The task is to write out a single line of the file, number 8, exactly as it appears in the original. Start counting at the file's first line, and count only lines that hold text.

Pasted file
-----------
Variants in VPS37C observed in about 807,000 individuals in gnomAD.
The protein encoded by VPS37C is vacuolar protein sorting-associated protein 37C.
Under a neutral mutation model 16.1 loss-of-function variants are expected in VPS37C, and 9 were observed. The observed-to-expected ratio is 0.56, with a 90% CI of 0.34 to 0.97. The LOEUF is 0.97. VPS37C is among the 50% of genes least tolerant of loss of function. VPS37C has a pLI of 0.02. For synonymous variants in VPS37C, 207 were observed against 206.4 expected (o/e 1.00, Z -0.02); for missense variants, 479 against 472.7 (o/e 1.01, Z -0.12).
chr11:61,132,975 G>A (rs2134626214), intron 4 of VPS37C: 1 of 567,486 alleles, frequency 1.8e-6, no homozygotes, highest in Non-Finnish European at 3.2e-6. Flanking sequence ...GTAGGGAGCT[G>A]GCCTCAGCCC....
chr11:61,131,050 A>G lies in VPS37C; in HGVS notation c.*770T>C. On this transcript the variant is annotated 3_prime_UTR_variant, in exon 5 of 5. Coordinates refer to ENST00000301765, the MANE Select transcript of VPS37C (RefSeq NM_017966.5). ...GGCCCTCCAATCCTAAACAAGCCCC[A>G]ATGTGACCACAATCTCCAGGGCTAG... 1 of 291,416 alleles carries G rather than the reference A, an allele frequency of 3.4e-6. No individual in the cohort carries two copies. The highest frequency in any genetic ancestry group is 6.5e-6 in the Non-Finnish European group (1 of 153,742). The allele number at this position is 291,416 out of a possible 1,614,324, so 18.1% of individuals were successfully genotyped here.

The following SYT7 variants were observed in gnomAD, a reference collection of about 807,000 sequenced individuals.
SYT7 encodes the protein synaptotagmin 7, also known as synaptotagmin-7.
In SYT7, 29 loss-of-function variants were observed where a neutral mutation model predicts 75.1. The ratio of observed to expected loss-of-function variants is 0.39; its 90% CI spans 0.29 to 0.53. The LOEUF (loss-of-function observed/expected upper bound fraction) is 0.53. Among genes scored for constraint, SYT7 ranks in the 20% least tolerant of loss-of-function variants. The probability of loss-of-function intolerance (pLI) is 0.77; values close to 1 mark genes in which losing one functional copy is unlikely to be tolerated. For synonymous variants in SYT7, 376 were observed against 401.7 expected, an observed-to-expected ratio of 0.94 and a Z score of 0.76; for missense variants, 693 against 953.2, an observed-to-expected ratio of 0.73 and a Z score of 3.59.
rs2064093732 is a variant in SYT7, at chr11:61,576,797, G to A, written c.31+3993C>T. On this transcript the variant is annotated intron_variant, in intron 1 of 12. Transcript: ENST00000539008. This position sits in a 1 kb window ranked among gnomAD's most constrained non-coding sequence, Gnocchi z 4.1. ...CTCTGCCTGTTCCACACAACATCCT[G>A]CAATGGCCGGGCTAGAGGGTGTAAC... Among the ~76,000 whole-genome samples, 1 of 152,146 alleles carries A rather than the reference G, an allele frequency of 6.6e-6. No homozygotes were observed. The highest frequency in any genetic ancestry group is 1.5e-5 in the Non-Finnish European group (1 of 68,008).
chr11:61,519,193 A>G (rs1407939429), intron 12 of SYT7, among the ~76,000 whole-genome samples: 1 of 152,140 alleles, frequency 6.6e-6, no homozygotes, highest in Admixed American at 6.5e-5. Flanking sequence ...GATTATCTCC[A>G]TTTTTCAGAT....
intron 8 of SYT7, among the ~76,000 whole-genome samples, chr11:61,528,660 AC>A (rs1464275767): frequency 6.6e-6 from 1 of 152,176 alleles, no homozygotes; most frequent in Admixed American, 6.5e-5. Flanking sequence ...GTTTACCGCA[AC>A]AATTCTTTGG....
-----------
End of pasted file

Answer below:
In SYT7, 29 loss-of-function variants were observed where a neutral mutation model predicts 75.1. The ratio of observed to expected loss-of-function variants is 0.39; its 90% CI spans 0.29 to 0.53. The LOEUF (loss-of-function observed/expected upper bound fraction) is 0.53. Among genes scored for constraint, SYT7 ranks in the 20% least tolerant of loss-of-function variants. The probability of loss-of-function intolerance (pLI) is 0.77; values close to 1 mark genes in which losing one functional copy is unlikely to be tolerated. For synonymous variants in SYT7, 376 were observed against 401.7 expected, an observed-to-expected ratio of 0.94 and a Z score of 0.76; for missense variants, 693 against 953.2, an observed-to-expected ratio of 0.73 and a Z score of 3.59.